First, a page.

This is a fictitious novel written by the recurring Kurt Vonnegut character, Kilgore Trout. I don't know what it's like but it's probably atrocious.
Ahem, well, this was also a real novel (* *), written by somebody using the name Kilgore Trout.

It is full of the purple prose characteristic of the Trout style of writing, as seen in excerpts in Vonnegut's novels. The main character, The Space Wanderer, wanders about space, wondering about the Mysteries of the Universe, and eventually saving the Galaxy.

When I bought this book in a used SF Bookstore in the late 1980's, I was convinced it was Kurt Vonnegut because the inside cover clearly states:

This novel was not written by Kurt Vonnegut.
The title is after the various paintings of Venus floating in from the sea on top of half a scallop shell, the most famous of which is Sandro Botticelli's The Birth of Venus.

"Trout" expanded slightly his original version, which appeared in the December 1974 and January 1975 issues of Fantasy and Science Fiction to include another fictional author, Jonathan Swift Somers III (fictionally a descendant of a third fictional author, Jonathan Swift Somers, who appears in Spoon River Anthology, by Edgar Lee Masters.) Somers III writes stories about Ralph von Wau Wau, a talking German shephard dog detective.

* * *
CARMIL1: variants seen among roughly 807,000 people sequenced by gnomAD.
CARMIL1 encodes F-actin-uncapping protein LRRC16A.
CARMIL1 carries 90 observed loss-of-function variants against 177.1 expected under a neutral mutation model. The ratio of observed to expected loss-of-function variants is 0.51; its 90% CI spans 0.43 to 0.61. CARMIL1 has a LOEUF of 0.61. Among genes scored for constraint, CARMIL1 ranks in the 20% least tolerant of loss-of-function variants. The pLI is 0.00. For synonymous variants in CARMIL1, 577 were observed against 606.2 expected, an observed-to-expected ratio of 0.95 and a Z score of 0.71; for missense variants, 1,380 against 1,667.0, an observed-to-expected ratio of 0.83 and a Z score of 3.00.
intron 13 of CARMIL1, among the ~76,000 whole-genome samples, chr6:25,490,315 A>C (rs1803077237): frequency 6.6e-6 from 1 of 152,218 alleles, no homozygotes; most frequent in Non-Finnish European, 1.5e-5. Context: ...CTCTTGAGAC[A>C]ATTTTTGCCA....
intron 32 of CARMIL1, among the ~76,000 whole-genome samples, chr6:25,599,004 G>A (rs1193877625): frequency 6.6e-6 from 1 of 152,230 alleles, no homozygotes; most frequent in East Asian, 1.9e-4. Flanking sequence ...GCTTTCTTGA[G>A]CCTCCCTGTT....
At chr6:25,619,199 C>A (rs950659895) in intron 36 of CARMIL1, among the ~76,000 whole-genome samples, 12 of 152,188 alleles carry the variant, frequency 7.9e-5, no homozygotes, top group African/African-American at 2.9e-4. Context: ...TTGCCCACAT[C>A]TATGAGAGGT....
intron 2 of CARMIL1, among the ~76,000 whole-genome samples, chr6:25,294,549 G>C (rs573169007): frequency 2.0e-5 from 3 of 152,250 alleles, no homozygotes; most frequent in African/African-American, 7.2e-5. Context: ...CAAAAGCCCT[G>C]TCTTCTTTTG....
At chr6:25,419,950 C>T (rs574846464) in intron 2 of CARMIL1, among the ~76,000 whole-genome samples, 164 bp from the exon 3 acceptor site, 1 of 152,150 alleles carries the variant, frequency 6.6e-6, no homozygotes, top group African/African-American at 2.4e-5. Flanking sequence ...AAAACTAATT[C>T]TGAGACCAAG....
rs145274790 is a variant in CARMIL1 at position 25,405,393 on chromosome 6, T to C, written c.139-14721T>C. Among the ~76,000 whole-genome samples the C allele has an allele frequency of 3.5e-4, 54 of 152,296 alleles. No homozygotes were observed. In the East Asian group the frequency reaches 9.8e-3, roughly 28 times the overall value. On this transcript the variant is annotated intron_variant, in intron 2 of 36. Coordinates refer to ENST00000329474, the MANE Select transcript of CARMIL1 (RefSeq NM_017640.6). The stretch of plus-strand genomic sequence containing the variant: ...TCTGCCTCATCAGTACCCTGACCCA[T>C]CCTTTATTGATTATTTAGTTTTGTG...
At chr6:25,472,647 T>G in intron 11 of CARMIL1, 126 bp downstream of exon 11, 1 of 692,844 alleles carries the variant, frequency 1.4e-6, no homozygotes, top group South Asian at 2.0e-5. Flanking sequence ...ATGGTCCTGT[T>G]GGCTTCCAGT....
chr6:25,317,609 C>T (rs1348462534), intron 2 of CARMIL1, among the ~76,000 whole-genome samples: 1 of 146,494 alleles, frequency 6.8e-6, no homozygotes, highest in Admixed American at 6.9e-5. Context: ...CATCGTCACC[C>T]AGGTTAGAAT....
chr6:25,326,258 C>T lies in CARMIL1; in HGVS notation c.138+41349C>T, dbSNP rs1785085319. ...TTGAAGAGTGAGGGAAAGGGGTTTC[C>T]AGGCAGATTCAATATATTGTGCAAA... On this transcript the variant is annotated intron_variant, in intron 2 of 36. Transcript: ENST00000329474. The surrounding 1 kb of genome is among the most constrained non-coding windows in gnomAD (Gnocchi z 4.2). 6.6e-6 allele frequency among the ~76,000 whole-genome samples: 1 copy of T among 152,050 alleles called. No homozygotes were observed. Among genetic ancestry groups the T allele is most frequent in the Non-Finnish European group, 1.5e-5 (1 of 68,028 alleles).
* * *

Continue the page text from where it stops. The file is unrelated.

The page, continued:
Much of the plot in Venus hinges on sex - in particular when the hero Simon Wagstaff becomes immortal, after drinking an elixir during a sexual liason with a feline female alien monarch who is "in heat". Possibly this reflects Trout's publishing strategy: in Kurt Vonnegut's novels, Trout finds it easiest to get published in pornographic magazines. There's also a distinct debt to Wilhelm Reich, especially towards the end of the novel, where some of Reich's wilder theories about orgone are given a slightly exaggerated fictional treatment.

The author actually went on to write stories by tertiary fictional author Jonathon Swift Somers III: A Scarletin Study, and The Doge Whose Barque Was Worse Than His Bight, both detailing the exploits of his talking dog detective Ralph von Wau Wau, were published in 1975 and 1976 repectively. But he never produced his projected short fictions The Wonder of the Wandering Wound, A Short Case of Longevity, The Caper of Kupper, the Copper's Keeper, The Case of the Stolen Dreams, The Adventure of the Tired Color Man, The Case of the Seeing Eye Man, The Hind of the Basker-bergs, The Shakedown of the Shook Sheik, The Four Musicians of Bremen, or the intended Somers III novel (also featuring Wau Wau) Some Humans Don't Stink.

Perhaps we should be grateful that the dog detective himself has (as far as we know) thus far refrained from writing any science fiction containing fictional science fiction writers.

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